St. George’s Chapel looked beautiful on May 19, decked out in flowers for the Royal Wedding. Prince Harry and Meghan Markle made sure that the floral arrangements did not go to waste after the wedding.
Once the wedding was over and Prince Harry and Meghan Markle had departed, the flowers were sent to St. Joseph’s Hospice in London to make beautiful bouquets for the patients at the facility. The hospice took to Facebook to share their appreciation for the gesture, posting a picture of a patient holding the bouquet and writing a thank you note to the new Duke and Duchess of Sussex alongside:
“Today we got a very special delivery. Beautiful bouquets made from the #royalwedding flowers which we gave to our patients. A big thank you to Harry and Meghan and florist Philippa Craddock. Our hospice smells and looks gorgeous. Such a lovely gesture.”
The couple took the floral arrangements at their wedding extremely seriously, with some symbolic value behind all of the choices. Prince Harry wanted to honor his late mother, Princess Diana, in as many ways as possible during his wedding. He chose his wedding flowers from among her favorites. The venue was decked out in white garden roses that Princess Diana was known to love. Meghan Markle’s bouquet was filled with forget-me-nots, Princess Diana’s favorite flower. The bouquet also contained scented sweet peas, lily of the valley, astilbe, jasmine, astrantia and sprigs of myrtle. Since Princess Victoria’s time, Royal Wedding bouquets contain myrtle.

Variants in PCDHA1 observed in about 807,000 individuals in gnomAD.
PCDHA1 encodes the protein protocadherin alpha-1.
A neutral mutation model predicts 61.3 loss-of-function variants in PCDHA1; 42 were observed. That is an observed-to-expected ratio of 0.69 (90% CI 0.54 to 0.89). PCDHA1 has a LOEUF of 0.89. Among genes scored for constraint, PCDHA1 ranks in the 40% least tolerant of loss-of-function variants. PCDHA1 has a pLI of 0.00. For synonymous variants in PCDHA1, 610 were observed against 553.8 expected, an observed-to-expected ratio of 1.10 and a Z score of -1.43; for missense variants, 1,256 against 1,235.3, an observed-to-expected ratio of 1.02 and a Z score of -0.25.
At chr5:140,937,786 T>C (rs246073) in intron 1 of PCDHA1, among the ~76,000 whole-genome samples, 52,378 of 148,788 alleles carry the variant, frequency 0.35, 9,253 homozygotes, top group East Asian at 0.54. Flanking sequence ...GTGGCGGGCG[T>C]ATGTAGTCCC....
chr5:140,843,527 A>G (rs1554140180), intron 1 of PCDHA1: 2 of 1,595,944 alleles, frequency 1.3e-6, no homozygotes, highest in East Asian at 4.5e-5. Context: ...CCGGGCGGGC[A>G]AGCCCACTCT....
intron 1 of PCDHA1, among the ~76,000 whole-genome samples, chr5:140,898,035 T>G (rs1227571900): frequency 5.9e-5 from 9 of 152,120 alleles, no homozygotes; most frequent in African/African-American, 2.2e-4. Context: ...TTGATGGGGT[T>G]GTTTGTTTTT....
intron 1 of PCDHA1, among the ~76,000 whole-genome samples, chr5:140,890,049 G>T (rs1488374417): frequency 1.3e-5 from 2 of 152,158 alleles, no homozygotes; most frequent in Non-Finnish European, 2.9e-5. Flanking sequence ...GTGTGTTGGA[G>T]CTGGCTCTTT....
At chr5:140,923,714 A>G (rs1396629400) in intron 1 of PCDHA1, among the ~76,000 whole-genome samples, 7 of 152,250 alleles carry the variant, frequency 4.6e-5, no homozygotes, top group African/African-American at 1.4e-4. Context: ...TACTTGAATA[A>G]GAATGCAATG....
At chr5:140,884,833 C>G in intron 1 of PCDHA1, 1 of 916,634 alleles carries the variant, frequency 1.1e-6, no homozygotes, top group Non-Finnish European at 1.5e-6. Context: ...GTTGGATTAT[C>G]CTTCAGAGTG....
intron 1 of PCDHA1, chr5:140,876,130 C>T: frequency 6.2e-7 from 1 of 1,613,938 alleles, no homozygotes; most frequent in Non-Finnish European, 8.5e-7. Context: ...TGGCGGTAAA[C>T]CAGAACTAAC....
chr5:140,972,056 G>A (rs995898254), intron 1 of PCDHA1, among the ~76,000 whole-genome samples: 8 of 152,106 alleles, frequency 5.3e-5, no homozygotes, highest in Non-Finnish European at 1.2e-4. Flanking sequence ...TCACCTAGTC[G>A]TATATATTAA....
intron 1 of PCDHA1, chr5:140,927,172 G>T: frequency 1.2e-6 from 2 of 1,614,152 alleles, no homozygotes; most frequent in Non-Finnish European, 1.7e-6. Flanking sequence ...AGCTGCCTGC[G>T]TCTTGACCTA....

Prince Harry handpicked some of the flowers in the bouquet and handed them over to the castle florist, Philippa Craddock. As per standard, the florist used flowers that were naturally in bloom during the season to make sure the wedding arrangements and bouquet were appropriate for the summer.
Craddock designed the flowers for the chapel and for St. George’s Hall, where a lunch reception took place after the wedding.
“I am excited and honored to have been chosen by Prince Harry and Ms. Meghan Markle to create and design their wedding flowers,” she said. “Working with them has been an absolute pleasure. The process has been highly collaborative, free-flowing, creative and fun. The final designs will represent them as a couple, which I always aim to achieve in my work, with local sourcing, seasonality, and sustainability being at the forefront.”